There is no better way to anoint a rising City Ballet male star than to award him the title role in Balanchine’s “Apollo.” On May 5 corps dancer Chase Finlay hit the big time, receiving curtain calls and roars of applause. The 21-year-old looked like a young Nordic god (much the way Ballet Master in Chief Peter Martins did when he first appeared as “Apollo” in 1967). With a Martins-style majesty, Finlay subsumed his new role. Seated and gazing at his dancing Muses—Terpsichore (Sterling Hyltin), Polyhymnia (Tiler Peck) and Calliope (Ana Sophia Scheller)—Finlay captivated in stillness as much as in his boldly vigorous movements.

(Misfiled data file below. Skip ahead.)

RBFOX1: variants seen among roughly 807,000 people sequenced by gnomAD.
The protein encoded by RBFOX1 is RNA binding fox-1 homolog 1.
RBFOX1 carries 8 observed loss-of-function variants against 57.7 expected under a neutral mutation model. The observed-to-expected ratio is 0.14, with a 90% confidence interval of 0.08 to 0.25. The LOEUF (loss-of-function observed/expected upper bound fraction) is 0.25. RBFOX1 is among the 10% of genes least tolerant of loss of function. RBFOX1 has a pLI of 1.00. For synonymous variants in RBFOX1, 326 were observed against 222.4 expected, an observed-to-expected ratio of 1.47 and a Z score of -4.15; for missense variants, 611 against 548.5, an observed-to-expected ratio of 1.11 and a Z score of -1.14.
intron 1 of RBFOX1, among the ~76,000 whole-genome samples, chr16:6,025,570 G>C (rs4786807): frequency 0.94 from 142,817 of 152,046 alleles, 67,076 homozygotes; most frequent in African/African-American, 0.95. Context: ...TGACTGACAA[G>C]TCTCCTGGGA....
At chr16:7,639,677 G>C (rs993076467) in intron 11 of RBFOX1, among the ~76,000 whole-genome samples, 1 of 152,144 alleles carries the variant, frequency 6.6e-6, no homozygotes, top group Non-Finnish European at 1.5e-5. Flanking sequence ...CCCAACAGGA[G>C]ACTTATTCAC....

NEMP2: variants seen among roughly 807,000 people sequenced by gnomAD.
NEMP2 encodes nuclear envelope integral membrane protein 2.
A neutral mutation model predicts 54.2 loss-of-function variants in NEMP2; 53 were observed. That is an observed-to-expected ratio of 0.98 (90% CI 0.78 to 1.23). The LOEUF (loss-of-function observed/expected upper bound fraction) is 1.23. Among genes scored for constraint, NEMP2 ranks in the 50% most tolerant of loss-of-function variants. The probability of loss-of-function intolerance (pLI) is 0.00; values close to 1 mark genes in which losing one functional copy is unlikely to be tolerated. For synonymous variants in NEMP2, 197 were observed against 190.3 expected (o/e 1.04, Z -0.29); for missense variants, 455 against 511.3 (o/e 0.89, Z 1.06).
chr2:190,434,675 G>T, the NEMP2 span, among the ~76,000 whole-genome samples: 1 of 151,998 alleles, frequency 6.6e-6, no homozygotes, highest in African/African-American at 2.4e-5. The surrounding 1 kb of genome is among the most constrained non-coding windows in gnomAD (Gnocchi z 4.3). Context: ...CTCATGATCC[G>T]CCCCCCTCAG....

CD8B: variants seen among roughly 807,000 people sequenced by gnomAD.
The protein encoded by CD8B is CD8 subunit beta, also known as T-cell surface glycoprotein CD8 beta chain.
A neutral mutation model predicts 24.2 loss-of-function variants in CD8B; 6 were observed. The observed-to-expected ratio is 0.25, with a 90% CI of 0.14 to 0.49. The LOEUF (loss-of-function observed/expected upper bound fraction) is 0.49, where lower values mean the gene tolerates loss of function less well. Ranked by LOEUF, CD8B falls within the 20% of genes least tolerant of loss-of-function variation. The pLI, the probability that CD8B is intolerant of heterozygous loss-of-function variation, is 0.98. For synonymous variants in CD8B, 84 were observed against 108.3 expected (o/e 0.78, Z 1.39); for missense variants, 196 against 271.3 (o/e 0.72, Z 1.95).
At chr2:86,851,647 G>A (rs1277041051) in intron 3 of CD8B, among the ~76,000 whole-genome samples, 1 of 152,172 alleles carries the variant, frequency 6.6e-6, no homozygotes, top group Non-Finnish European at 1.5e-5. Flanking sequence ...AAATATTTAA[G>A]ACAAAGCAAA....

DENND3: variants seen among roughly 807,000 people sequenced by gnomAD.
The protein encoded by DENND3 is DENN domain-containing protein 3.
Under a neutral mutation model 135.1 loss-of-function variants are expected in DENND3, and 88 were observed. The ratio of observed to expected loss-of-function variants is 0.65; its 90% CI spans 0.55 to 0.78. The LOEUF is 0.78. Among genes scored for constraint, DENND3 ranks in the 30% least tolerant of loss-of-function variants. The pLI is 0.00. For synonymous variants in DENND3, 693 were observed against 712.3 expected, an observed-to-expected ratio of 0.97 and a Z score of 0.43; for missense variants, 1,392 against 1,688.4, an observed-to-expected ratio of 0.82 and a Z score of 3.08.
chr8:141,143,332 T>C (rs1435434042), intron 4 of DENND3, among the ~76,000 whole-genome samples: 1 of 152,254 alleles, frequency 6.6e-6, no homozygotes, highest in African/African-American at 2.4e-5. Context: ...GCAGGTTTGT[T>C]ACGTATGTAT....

Beyond Finlay’s debut, Thursday’s programming felt celestial. Beginning the night were the Balanchine-Stravinsky masterworks “Monumentum Pro Gesualdo” (1960) and “Movements for Piano and Orchestra” (1963). Though these short ballets were made three years apart, they became side-by-side companion pieces. While “Monumentum” features choreographic lyricism and equilibrium, “Movements” traffics in cubist asymmetries. In the latter work, the building blocks of classical vocabulary (plie, tendu, fifth position) are interrupted in transit. Spiral movements are forced into right angles. Despite a lack of narrative, principals Maria Kowroski and Sébastian Marcovici plied a psychologically complex relationship. Neither intimates nor strangers, they danced like two people in a coolly impassioned debate. With hands flexed, they seemed to end their conversation at an impasse.

Photo: Paul Kolnick